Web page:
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I am embedding python in my C++ application, using boost python.

I would like to be able to call a boost python function object, and associate a global name space with that function call. Specifically, the simplified relevant code is:

bp::object main = bp::import("__main__");
bp::object main_namespace = main.attr("__dict__");

//Put the function name runPyProg in the main_namespace

bp::object PyProg = exec(
        "import cStringIO\n"
        "import sys\n"
        "sys.stderr = cStringIO.StringIO()\n"
        "def runPyProg(exp):\n"
        "    print exp\n"
        "    exec(exp)\n"
        "    return\n"

//Now call the python function runPyProg with an argument

bp::object py_fn = main.attr("runPyProg");

I know that when I use the boost python exec() function, I can send in the global namespace, as shown above. My question is how do I associate main_namespace with the python function when I call py_fn? My final goal is that local variables from runPyProg will be placed in the main_namespace.

Thank you.

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1 Answer 1

up vote 2 down vote accepted

If I understand the question correctly, then it should be as simple as specifying the context in which exec will execute. A function or method can access the namespace in which it is defined via globals(). Thus, calling globals() from within runPyProg() will return the Python equivalent of main_namespace. Additionally, exec takes two optional arguments:

  • The first argument specifies the dictionary that will be used for globals(). If the second argument is omitted, then it is also used for locals().
  • The second argument specifies the dictionary that will be used for locals(). Variable changes occurring within exec are applied to locals().

Therefore, change:

exec exp


exec exp in globals()

and it should provide the desired behavior, where exp can interact with global variables in main_namespace.

Here is a basic example:

#include <boost/python.hpp>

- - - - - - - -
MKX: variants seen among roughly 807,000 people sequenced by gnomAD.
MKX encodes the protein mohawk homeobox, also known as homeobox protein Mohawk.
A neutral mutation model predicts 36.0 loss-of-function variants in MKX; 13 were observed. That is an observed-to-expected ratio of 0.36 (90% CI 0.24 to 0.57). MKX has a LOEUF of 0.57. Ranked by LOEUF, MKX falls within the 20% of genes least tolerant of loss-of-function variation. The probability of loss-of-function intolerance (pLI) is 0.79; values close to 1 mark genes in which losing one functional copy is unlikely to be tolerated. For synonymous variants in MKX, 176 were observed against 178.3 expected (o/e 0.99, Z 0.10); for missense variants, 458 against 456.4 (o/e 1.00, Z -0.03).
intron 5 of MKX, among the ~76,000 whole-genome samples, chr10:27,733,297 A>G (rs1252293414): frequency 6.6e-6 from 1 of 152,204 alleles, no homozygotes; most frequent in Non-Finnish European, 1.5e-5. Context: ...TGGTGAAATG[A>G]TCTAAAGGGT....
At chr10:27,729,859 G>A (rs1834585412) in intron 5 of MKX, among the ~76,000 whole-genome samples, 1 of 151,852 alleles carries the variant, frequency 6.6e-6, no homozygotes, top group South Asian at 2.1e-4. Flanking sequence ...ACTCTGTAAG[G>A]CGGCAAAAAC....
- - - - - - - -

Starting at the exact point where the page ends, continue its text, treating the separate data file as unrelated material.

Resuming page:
int main()

  namespace python = boost::python;
  python::object main = python::import("__main__");
  python::object main_namespace = main.attr("__dict__");

  //Put the function name runPyProg in the main_namespace
    "def runPyProg(exp):\n"
    "    print exp\n"
    "    exec exp in globals()\n"
    "    return\n"
    "\n", main_namespace);

  // Now call the python function runPyProg with an argument
  python::object runPyProg = main.attr("runPyProg");

  // Set x in python and access from C++.
  runPyProg("x = 42");
  std::cout << python::extract<int>(main.attr("x")) << std::endl;

  // Set y from C++ and access within python.
  main.attr("y") = 100;
  runPyProg("print y");

  // Access and modify x in python, then access from C++.
  runPyProg("x += y");
  std::cout << python::extract<int>(main.attr("x")) << std::endl;

Commented output:

x = 42          // set from python
42              // print from C++
                // y set to 100 from C++
print y         // print y from python
100             //
x += y          // access and modify from python
142             // print x from C++
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Thank you Tanner, that solution worked well! –  user773494 May 13 '13 at 21:39
So I've realized that if I have a C++ class PyExpression, and each instance of the class calls boost python exec() to execute its own expression, then all instances are actually using the same global namespace. Is there a way to keep the scope of the namespace to each C++ instance of PyExpression? When I try passing in a boost::python::object that is not initialized to main.attr("dict"), the exec() throws an error. –  user773494 May 14 '13 at 14:45
@user773494: Namespaces are just dictionaries in Python. Either update runPyProg to accept the namespace in which it will execute the expression (likely the __dict__ object on the PyExpression instance), or use the inspect module to extract the desired namespace from the stack. –  Tanner Sansbury May 14 '13 at 15:05
Would you be able to point me to a working example of sending in the dict of PyExpression? Having trouble finding anything online. I have essentially exposed the PyExpression class using BOOST_PYTHON_MODULE(PyExpression) { } I am importing the module and obtaining the namespace as such bp::object thisExpModule = bp::object( (bp::handle<>(PyImport_ImportModule("PyExpression"))) ); and bp::object instance_namespace = thisExpModule.attr("__dict__"); When I send in instance_namespace, it works ok as a dictionary namespace, but again all instances of PyExpression modify the same object. Tnx! –  user773494 May 14 '13 at 21:50
@user773494: Python modules are essentially singletons due to the import behavior. If you had a Foo class in the PyExpression module, then PyExpression.__dict__ is the module namespace. On the other hand, with a, b = PyExpression.Foo(), PyExpression.Foo(), a.__dict__ and b.__dict__ are namespaces specific to each instance. If you need more help to get a working example, then consider creating a new question with the relevant pieces of code. –  Tanner Sansbury May 15 '13 at 13:29

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